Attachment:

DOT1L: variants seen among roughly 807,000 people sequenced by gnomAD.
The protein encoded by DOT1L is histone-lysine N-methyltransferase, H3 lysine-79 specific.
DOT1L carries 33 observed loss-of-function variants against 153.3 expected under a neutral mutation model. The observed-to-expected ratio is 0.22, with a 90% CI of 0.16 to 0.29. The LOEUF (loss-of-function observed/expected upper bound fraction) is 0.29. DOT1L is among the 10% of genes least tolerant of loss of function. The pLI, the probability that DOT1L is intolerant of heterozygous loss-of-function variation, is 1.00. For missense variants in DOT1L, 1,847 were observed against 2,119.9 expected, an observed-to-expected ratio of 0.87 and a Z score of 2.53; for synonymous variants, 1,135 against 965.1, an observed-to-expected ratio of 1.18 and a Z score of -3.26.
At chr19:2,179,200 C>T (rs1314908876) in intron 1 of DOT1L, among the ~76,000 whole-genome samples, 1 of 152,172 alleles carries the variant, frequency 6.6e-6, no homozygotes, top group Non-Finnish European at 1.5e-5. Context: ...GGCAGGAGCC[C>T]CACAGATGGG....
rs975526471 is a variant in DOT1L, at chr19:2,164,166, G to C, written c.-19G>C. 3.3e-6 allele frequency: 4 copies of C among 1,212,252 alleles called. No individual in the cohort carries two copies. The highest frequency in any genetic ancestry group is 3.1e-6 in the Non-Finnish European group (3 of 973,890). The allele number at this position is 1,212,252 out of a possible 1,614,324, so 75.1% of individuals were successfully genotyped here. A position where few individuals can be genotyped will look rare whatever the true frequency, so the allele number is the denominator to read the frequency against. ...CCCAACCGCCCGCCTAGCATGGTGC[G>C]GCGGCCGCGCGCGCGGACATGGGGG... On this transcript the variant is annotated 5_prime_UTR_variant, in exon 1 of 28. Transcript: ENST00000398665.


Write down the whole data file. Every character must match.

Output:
DOT1L: variants seen among roughly 807,000 people sequenced by gnomAD.
The protein encoded by DOT1L is histone-lysine N-methyltransferase, H3 lysine-79 specific.
DOT1L carries 33 observed loss-of-function variants against 153.3 expected under a neutral mutation model. The observed-to-expected ratio is 0.22, with a 90% CI of 0.16 to 0.29. The LOEUF (loss-of-function observed/expected upper bound fraction) is 0.29. DOT1L is among the 10% of genes least tolerant of loss of function. The pLI, the probability that DOT1L is intolerant of heterozygous loss-of-function variation, is 1.00. For missense variants in DOT1L, 1,847 were observed against 2,119.9 expected, an observed-to-expected ratio of 0.87 and a Z score of 2.53; for synonymous variants, 1,135 against 965.1, an observed-to-expected ratio of 1.18 and a Z score of -3.26.
At chr19:2,179,200 C>T (rs1314908876) in intron 1 of DOT1L, among the ~76,000 whole-genome samples, 1 of 152,172 alleles carries the variant, frequency 6.6e-6, no homozygotes, top group Non-Finnish European at 1.5e-5. Context: ...GGCAGGAGCC[C>T]CACAGATGGG....
rs975526471 is a variant in DOT1L, at chr19:2,164,166, G to C, written c.-19G>C. 3.3e-6 allele frequency: 4 copies of C among 1,212,252 alleles called. No individual in the cohort carries two copies. The highest frequency in any genetic ancestry group is 3.1e-6 in the Non-Finnish European group (3 of 973,890). The allele number at this position is 1,212,252 out of a possible 1,614,324, so 75.1% of individuals were successfully genotyped here. A position where few individuals can be genotyped will look rare whatever the true frequency, so the allele number is the denominator to read the frequency against. ...CCCAACCGCCCGCCTAGCATGGTGC[G>C]GCGGCCGCGCGCGCGGACATGGGGG... On this transcript the variant is annotated 5_prime_UTR_variant, in exon 1 of 28. Transcript: ENST00000398665.